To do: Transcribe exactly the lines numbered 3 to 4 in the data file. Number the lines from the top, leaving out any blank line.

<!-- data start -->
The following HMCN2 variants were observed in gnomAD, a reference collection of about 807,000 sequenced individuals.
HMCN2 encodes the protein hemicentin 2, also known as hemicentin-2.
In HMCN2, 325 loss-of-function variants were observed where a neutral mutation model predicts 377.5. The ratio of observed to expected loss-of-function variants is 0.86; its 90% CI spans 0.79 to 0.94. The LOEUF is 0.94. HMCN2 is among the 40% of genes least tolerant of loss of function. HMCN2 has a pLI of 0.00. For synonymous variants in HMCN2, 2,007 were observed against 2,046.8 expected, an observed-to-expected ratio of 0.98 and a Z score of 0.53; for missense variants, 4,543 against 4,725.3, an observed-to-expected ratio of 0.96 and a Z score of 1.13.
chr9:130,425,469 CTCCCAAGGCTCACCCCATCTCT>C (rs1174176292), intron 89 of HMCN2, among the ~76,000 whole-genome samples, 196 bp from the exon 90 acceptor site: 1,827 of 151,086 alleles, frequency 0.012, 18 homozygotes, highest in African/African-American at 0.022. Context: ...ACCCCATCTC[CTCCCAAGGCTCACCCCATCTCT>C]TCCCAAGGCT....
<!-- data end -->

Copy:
In HMCN2, 325 loss-of-function variants were observed where a neutral mutation model predicts 377.5. The ratio of observed to expected loss-of-function variants is 0.86; its 90% CI spans 0.79 to 0.94. The LOEUF is 0.94. HMCN2 is among the 40% of genes least tolerant of loss of function. HMCN2 has a pLI of 0.00. For synonymous variants in HMCN2, 2,007 were observed against 2,046.8 expected, an observed-to-expected ratio of 0.98 and a Z score of 0.53; for missense variants, 4,543 against 4,725.3, an observed-to-expected ratio of 0.96 and a Z score of 1.13.
chr9:130,425,469 CTCCCAAGGCTCACCCCATCTCT>C (rs1174176292), intron 89 of HMCN2, among the ~76,000 whole-genome samples, 196 bp from the exon 90 acceptor site: 1,827 of 151,086 alleles, frequency 0.012, 18 homozygotes, highest in African/African-American at 0.022. Context: ...ACCCCATCTC[CTCCCAAGGCTCACCCCATCTCT>C]TCCCAAGGCT....